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Neuropsych

Speed-dating experiment reveals what makes a great first date

Credit: SHOTPRIME STUDIO / Adobe Stock
Key Takeaways
  • A recent study examined the extent to which “co-regulation during social interaction" predicts romantic attraction between people on first dates.
  • The term refers to people's tendency to “synchronize” or adapt to each other’s physiology and behavior.
  • The study found that when a heterosexual couple tunes their behavior to one another, they are more likely to be romantically and sexually attracted to each other. 

What’s one of the most reliable indicators that a first date is going well? The answer might lie in how closely the couple is matching each other’s behavior and physiology.

That’s one of the takeaways from a recent study, conducted by a team of researchers led by Dr. Shir Atzil of the Department of Psychology at the Hebrew University in Jerusalem, which found that people on first dates tend to be more attracted to each other when their bodies are “in sync” with each other.

Called “co-regulation during social interaction,” the term refers to the act of matching another person’s physiology or behavior, such as by showing mirrored language (crossed legs, open arms, leaning forward, etc.), synchronized heartbeats, nearly equal levels of sweat, and other indications of being attuned to each other. 

The researchers conducted a speed-dating experiment with 46 couples who were meeting each other for the first time. The participants’ behavior and physiological responses were monitored with a video camera and a wristband measuring electrodermal activity. Later, each participant was asked to rate how romantically and sexually attractive they found their date to be.

Published in Scientific Reports, the study found that when a heterosexual couple tunes their behavior to one another, they are more likely to be romantically and sexually attracted to each other.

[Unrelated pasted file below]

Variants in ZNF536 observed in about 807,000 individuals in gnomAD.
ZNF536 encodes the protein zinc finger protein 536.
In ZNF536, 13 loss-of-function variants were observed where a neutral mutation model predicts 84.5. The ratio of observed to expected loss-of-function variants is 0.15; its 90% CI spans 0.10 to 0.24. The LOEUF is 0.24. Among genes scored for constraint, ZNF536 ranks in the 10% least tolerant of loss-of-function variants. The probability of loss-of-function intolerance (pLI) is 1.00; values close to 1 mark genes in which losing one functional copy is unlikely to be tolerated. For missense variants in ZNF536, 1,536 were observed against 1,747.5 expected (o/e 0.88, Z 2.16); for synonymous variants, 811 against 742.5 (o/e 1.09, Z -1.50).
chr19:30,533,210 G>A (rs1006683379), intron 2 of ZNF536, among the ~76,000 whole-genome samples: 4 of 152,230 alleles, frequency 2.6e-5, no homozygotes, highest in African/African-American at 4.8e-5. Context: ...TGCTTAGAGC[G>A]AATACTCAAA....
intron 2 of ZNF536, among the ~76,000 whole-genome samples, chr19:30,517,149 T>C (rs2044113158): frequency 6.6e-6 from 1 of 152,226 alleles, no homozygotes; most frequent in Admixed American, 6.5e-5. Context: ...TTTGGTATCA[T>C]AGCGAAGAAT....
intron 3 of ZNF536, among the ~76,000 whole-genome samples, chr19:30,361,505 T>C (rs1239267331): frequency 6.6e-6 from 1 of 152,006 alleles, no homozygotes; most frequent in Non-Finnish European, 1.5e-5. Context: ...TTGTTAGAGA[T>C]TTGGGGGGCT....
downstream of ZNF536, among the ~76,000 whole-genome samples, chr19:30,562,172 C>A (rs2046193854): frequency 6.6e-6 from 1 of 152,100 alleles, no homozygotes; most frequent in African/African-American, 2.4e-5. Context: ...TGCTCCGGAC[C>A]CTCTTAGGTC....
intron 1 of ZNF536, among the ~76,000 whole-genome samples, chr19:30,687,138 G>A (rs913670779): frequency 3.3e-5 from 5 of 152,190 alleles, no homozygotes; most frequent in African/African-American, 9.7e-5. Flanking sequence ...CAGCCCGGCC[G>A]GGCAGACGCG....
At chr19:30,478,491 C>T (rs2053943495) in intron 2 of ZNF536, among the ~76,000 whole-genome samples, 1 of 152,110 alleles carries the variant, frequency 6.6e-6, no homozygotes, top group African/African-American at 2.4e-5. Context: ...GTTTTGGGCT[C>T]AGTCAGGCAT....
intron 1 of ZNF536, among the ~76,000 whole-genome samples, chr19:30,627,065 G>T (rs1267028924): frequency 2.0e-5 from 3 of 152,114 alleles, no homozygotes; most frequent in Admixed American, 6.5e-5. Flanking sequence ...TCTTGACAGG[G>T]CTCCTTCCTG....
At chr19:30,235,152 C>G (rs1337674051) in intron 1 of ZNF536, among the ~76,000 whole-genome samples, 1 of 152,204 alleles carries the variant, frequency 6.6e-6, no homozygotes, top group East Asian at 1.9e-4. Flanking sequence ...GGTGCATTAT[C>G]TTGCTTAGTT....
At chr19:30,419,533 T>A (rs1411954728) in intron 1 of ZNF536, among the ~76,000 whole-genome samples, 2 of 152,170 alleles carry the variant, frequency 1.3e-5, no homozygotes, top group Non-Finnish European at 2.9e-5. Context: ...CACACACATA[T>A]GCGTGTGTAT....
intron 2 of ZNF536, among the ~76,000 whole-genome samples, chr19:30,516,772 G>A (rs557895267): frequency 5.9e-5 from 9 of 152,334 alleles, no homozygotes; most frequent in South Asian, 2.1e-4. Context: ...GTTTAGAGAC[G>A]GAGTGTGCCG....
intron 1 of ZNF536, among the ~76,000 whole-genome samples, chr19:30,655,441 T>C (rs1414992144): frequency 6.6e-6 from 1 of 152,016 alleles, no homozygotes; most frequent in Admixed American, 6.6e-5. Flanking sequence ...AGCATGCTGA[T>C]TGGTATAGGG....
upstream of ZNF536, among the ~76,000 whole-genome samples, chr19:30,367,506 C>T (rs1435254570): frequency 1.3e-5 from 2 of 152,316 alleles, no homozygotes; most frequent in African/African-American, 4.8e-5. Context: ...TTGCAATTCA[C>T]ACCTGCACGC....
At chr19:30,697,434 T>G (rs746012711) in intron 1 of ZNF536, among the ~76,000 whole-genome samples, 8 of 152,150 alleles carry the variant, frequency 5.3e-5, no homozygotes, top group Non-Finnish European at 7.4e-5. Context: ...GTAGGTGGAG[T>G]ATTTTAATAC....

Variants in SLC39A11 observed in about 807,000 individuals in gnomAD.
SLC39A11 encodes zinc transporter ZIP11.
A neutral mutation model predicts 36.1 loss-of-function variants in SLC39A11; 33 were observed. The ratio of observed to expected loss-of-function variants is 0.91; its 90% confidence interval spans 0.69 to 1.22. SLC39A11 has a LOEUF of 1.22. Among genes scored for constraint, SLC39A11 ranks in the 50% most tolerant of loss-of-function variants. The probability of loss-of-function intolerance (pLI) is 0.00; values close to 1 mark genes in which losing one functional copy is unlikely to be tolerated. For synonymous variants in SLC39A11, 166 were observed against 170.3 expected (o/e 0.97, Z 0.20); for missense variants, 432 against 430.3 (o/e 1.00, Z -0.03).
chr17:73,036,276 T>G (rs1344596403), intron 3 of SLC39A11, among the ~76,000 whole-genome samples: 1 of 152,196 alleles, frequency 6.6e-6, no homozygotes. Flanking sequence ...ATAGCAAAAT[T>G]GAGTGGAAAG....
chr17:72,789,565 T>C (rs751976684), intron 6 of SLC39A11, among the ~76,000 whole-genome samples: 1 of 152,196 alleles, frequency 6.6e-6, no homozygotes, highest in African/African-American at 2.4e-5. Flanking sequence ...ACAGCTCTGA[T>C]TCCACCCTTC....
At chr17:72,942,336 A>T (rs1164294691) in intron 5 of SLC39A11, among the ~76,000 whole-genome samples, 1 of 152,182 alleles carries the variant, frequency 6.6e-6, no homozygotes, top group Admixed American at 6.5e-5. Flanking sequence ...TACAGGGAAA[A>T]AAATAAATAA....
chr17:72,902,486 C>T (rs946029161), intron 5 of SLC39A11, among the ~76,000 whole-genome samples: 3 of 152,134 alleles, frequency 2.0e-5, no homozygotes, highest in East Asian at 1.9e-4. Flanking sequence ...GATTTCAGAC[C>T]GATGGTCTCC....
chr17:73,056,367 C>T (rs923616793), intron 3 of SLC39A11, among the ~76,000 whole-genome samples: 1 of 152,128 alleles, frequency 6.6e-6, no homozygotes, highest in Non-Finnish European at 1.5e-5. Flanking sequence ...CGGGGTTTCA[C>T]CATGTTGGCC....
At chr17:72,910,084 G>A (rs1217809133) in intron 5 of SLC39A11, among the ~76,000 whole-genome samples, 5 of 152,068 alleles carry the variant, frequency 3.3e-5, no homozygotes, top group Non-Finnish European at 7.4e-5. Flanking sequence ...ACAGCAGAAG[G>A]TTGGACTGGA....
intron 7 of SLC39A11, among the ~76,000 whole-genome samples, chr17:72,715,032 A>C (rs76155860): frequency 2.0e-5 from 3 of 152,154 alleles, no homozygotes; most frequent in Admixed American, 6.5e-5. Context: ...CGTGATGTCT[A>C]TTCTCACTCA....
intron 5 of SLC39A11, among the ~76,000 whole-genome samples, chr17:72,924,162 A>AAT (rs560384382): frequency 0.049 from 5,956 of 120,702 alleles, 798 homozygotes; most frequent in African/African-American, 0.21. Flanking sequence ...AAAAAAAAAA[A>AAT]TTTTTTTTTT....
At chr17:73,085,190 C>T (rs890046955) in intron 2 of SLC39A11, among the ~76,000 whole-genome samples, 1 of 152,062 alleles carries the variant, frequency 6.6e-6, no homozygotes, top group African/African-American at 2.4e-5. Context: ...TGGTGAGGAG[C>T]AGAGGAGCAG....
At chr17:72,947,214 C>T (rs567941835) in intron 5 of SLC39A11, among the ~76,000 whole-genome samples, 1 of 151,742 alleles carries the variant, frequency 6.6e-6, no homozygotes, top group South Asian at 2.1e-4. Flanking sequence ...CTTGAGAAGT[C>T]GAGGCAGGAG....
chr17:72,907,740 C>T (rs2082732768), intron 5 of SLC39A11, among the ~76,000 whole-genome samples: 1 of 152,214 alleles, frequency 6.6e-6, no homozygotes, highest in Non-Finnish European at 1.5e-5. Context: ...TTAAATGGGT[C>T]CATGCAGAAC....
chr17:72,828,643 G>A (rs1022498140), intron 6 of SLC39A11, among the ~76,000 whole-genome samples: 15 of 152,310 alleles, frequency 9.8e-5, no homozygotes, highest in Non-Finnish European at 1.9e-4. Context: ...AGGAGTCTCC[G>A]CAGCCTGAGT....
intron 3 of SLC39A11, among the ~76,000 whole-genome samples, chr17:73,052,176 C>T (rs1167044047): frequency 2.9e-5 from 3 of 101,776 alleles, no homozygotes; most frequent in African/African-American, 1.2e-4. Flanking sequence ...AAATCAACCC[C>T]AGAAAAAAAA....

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The results aligned with past findings from researchers at Leiden University in the Netherlands, who found that synchronized heartbeats and skin conductance can indicate attraction.

“If one person’s heart rate increased, then the other’s did too,” said psychologist Eliska Prochazkova, who led the research. “The attraction between dating couples seems to grow if they synchronize at this deeper level.”

Why does this happen?

Researchers and psychologists studying child development and romantic attraction find similarities between the two processes. There’s truth behind the saying we choose partners similar to our parents. This concept, now popularized as “attachment styles,” describes how we recreate the bond we had with our parents, now with our partners. 

The co-regulation that people experience with their caregivers during the infant-parent bonding stage helps deepen the relationship. Dr. Atzil’s team found that a similar thing occurs during romantic and sexual attraction. Being attuned to each other during the date shows mutual interest and deepens the connection, even if the couple is meeting for the first time just for a few minutes, like they did in this experiment. 

Men and women are attracted to each other differently 

Every study, especially those on mate selection, must consider gender differences in attraction. Dr. Atzil’s team found some, too. For both men and women, being in sync predicted attraction. However, the effect was stronger for women who were more sexually attracted to men who displayed a high level of synchrony. Such men, called “super-synchronizers” in the study, were considered highly desirable.

But the same level of effect was not found when genders were reversed. This difference shows classic evolutionary theories that equate sexual desire with reproduction tend to underestimate the role of social interaction in mate selection, the team noted. The findings suggest that sexual and romantic desire isn’t limited to fertility, and that it can serve the additional social purpose of bonding.

What if attraction causes co-regulation?

When looking at studies that show how synchronized bodies can indicate attraction, the obvious question is: What if it’s the mutual attraction that’s causing co-regulation? Scientists are still figuring it out. “It is possible that bio-behavioral synchrony increases attraction or that feeling attracted improves the ad-hoc motivation to synchronize,” the paper states. 


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